Photo: Jack Latti

Author: Ivan Latti

Aloe polyphylla

The environment within which Aloe polyphylla grows is atypical of southern Africa. The bleak, misty Maluti Mountains of western Lesotho are quite unsuitable for most of the other Aloe species of this generally Aloe rich region. The climatic conditions conducive to A. polyphylla are hard to replicate in most gardens, as many who have planted this Aloe have discovered to their dismay. It is best not to attempt growing endangered or vulnerable plants in conditions where the probability of success is low. Personal frustration can be avoided and plants can be saved to boost low population numbers.

This specimen, however, is thriving in the Botanical Garden of Melbourne in Australia where the species has become popular. Leaf colour can here be seen to be more yellowish green than on the plants photographed in their Lesotho habitat. Interesting to note here also is the opposite spiralling displayed by the two plants in picture.

It may also be that a form of A. polyphylla has managed wider adaptation to different growing conditions, partly refuting the above statement that discourages gardening challenges: It is by attempting new challenges after all that developmental breakthroughs are achieved. Caution from logic and experience will help judgment. 

Culture has less time to achieve success than nature. The endless, blind experimentation attempting everything in nature is impervious to adversity. The millions of random failures without ever losing patience or resolve, is not for people. They don’t last that long and can’t sustain intentionality that long (Van Wyk and Smith, 2003; Jeppe, 1969).

(Also see the entry on this Aloe in the Mountains Album under Habitat.)

Photo: Jack Latti

Author: Ivan Latti

Aloe polyphylla twisting pattern in the leaf rosette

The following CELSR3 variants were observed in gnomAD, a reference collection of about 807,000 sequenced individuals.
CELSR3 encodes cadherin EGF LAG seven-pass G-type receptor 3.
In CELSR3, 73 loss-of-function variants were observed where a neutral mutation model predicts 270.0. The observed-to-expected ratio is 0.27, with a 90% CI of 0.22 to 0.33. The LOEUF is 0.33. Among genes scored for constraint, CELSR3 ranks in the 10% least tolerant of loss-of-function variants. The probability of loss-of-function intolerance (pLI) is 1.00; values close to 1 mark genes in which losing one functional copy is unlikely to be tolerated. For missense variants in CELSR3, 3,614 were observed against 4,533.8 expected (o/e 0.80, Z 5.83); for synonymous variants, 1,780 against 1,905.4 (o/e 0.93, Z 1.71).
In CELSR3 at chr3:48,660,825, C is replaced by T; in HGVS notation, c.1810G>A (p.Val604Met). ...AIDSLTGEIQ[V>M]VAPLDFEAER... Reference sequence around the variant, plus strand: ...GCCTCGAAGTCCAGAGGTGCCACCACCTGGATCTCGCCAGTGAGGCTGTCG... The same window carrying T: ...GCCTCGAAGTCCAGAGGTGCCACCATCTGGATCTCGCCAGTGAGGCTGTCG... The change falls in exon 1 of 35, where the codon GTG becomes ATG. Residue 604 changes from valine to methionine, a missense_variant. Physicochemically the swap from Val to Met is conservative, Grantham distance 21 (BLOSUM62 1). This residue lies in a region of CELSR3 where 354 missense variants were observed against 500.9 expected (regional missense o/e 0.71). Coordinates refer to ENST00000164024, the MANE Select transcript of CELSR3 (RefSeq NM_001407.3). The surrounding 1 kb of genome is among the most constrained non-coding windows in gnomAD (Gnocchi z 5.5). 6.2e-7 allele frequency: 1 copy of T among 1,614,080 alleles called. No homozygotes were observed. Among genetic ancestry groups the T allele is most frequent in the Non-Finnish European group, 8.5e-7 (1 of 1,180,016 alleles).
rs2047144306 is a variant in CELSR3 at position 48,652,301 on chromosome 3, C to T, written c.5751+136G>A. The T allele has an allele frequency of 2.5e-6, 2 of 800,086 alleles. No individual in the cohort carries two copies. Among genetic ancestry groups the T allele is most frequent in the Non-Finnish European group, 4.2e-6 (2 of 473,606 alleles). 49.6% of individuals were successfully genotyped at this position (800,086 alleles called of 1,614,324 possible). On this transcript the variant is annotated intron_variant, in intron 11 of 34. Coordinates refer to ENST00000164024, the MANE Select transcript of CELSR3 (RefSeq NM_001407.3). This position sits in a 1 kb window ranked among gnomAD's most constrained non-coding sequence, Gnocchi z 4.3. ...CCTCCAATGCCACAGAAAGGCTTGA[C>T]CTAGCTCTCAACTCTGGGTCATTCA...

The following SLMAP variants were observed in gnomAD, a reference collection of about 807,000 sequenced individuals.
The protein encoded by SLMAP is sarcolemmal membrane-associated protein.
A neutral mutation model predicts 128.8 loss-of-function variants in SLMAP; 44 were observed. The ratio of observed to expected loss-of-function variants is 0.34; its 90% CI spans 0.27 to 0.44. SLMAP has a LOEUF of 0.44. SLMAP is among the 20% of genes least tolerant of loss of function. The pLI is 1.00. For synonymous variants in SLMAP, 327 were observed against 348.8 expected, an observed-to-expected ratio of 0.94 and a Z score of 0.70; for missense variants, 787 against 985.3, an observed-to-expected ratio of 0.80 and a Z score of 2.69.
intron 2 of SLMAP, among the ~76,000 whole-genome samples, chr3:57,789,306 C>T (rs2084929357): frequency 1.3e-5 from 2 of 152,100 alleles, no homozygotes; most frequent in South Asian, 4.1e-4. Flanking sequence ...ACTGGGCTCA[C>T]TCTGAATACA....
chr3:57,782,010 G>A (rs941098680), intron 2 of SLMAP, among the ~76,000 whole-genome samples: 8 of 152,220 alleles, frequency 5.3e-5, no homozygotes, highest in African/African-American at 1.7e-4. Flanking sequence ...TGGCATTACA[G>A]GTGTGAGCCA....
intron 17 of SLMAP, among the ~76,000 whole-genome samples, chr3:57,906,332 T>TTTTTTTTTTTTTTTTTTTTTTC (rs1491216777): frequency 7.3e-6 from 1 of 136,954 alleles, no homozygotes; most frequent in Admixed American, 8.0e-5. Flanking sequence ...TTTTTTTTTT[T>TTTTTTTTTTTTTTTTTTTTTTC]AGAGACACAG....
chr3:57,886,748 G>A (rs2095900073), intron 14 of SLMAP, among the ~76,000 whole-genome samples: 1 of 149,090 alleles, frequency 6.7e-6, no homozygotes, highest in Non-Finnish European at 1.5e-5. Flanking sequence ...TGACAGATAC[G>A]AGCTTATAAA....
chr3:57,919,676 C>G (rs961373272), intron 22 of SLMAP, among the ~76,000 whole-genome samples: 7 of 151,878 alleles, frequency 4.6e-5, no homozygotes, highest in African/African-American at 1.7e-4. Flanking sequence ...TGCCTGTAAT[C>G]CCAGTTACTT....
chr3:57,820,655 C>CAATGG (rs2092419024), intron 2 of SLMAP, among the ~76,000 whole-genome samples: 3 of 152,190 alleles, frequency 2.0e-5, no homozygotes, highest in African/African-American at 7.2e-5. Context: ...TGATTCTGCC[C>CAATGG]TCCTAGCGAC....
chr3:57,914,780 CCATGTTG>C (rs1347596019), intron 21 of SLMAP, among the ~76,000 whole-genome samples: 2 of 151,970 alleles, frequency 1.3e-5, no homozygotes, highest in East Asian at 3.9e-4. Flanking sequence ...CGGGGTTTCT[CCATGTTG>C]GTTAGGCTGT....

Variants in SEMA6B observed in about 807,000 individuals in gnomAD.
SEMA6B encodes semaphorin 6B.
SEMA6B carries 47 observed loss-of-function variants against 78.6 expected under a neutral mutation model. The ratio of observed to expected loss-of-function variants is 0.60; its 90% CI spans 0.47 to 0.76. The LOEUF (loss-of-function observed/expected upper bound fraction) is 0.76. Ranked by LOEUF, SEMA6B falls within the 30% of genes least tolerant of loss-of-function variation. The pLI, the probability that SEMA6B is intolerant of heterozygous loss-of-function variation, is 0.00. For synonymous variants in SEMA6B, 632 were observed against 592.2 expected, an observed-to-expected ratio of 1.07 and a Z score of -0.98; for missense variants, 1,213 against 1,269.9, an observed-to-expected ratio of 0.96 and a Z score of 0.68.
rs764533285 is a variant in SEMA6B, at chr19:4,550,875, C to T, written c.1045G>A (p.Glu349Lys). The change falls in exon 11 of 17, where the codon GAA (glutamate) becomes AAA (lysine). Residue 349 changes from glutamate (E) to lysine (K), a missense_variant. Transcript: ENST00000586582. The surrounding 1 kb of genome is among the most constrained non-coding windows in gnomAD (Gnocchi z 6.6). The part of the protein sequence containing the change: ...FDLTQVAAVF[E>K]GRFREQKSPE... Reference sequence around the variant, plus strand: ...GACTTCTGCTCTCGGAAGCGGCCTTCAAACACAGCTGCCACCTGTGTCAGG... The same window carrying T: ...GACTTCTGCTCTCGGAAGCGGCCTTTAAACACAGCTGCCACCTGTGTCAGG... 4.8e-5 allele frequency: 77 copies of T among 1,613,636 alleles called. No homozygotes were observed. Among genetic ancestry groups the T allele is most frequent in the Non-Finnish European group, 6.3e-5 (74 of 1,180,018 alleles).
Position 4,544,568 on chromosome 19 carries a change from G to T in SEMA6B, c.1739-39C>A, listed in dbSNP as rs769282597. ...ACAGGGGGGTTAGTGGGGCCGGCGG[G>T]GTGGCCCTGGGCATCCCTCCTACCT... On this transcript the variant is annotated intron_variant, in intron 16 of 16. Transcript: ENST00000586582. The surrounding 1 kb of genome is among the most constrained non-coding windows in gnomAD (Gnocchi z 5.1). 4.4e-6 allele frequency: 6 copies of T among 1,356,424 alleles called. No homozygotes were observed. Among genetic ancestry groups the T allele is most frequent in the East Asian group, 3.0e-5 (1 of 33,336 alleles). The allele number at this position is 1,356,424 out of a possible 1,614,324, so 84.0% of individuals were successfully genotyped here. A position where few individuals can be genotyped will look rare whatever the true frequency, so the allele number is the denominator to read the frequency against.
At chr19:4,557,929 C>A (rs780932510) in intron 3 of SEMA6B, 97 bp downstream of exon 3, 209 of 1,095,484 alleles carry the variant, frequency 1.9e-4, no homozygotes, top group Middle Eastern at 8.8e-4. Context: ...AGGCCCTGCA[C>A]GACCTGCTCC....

The twisting pattern in the leaf rosette of the spiral aloe or Aloe polyphylla is special, due to the larger number of leaves found here than in other Aloe species that display the phenomenon. Five dense spiral arrays of leaves emanate from the centre as the plant grows. The arrangement may spiral clockwise or anticlockwise.

The pattern is neat and regular enough to inculcate a love of geometry in some observers. Fibonacci number sequences come to mind. They provide fitting descriptions of many such phenomena in the biological domain, although the spirals in this case do not match Fibonacci numbers, but adhere to the pattern of a different mathematical series. Regular leaf patterns can sometimes be matched with the pattern in some or other numerical series. Similar spirals are found in certain shell and seed shapes. Another example of such a series, Lucas Numbers, also describes some of the regular patterns found in nature. Patterns consistent with Fibonacci series are the most common though. Much fun can be had from exploring number series like Fibonacci’s Golden Ratio (about 1.618034), by which consecutive numbers increase in the series. Go Google!

Whether one becomes fascinated by the numbers or not, biological examples like this leaf rosette hold their beauty in the simple regularity, their magic in the regularity of acceleration (Wikipedia; www.maths.surrey.ac.uk).

Photo: Ivan Latti

Author: Ivan Latti

Aloe polyphylla leaves

Aloe polyphylla produces many leaves as the name indicates. It is not used for filling cracks in walls as is the eponymous builder’s product!

The short and broad leaves are almost triangular in shape; just bulging a bit along their sides. The two (almost?) equal margins of the nearly isosceles triangle are visible most of the way, hiding at the bottom with the base of the triangle below.

Leaf colour is grey-green to blue-green. The leaf tips soon dry out from the original pale orange or cream to the purplish black seen here above narrow, creamy yellow transitional bands. The markedly off-centre cartilaginous leaf keels on the lower (outer) leaf surfaces are clearly in evidence here. They may have a few spines similar to the teeth on the margins. The bias in the keels accentuate the spirals in the rosette pattern, raising the question as to whether the leaf margins are truly equal. Leaf margins have cartilaginous ridges where the spaced and short, cream coloured teeth can be seen. Parts of the margins may have toothless intervals in an irregular pattern.

The leaf sap of this Aloe is clear. The rosette reaches a height of 50 cm and may measure 80 cm across (Van Wyk and Smith, 2003; Jeppe, 1969; Reynolds, 1974)

Aloe polyphylla in Australia

Marketed widely in Australia, the spiral aloe or Lesotho’s Aloe polyphylla does very well there. The grey bloom on the smooth outer leaf surfaces makes way for dark green colouring in parts, the margins toothed and yellowish.

Many leaves in picture have no marginal teeth near the leaf tips. The tip itself is spiny, sometimes turned black on older leaves. The leaf keels are strongly off-centre, similar to those in some Gasteria species.

Photo: Ivan Latti

Author: Ivan Latti

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Aloe peglerae